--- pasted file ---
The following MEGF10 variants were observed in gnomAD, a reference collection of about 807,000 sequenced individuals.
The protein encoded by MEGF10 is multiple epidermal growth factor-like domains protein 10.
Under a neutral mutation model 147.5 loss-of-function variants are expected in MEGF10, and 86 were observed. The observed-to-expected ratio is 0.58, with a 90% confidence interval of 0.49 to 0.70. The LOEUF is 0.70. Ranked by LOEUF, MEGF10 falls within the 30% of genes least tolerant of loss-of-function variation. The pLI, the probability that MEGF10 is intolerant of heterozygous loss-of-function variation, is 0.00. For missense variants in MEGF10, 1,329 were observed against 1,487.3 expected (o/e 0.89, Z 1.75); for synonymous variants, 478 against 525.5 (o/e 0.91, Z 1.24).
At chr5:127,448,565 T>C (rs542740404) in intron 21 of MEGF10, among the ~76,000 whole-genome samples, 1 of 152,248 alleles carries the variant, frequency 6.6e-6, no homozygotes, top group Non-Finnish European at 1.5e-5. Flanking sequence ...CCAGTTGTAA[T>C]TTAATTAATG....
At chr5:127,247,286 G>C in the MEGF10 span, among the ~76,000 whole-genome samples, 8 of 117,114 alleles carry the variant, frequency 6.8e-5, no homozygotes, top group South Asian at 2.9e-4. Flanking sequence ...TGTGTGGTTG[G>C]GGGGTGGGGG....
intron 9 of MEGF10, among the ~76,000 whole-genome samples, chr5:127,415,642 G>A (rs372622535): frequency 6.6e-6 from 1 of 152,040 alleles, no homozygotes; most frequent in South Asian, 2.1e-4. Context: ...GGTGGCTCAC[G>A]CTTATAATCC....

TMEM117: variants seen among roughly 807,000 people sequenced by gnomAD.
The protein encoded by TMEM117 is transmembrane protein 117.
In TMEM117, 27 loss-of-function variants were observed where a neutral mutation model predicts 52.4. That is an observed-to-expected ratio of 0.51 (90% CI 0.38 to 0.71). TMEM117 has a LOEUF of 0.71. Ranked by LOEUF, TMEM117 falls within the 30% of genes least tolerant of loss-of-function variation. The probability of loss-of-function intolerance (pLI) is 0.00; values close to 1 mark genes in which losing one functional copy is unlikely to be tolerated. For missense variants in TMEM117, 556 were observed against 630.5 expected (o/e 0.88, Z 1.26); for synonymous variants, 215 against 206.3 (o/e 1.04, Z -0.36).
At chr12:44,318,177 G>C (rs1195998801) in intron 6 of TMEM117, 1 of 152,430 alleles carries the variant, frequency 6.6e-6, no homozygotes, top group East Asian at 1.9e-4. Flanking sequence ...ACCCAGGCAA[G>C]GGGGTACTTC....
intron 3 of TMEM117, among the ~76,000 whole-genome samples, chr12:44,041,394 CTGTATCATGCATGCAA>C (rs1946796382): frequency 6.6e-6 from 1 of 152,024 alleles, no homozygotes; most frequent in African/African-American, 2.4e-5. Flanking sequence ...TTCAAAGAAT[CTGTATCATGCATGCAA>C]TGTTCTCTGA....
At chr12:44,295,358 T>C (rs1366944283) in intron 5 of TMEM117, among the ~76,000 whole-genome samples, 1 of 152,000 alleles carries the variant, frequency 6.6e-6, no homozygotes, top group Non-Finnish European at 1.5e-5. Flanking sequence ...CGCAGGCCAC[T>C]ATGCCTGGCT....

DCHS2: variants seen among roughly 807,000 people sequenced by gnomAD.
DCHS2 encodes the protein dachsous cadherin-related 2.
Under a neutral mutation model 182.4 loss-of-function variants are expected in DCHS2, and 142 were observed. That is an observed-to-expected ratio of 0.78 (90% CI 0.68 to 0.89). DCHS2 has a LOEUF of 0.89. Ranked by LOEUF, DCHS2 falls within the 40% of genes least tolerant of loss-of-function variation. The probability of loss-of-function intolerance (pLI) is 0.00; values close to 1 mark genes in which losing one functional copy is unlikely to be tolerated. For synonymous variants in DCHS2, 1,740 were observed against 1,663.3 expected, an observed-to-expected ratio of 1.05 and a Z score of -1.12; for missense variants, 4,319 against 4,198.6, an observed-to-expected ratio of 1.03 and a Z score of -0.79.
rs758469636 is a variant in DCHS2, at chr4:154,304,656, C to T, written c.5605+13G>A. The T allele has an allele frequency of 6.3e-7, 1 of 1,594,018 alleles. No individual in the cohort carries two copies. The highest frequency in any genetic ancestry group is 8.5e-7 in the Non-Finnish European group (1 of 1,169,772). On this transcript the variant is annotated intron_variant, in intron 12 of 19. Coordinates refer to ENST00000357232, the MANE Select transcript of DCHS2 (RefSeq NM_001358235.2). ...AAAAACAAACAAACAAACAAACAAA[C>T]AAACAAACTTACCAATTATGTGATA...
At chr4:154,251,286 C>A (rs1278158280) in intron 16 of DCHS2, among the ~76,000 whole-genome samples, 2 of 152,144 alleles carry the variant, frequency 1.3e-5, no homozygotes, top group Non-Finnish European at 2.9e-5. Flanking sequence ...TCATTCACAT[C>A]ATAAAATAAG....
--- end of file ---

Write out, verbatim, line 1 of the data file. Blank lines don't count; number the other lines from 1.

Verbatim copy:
The following MEGF10 variants were observed in gnomAD, a reference collection of about 807,000 sequenced individuals.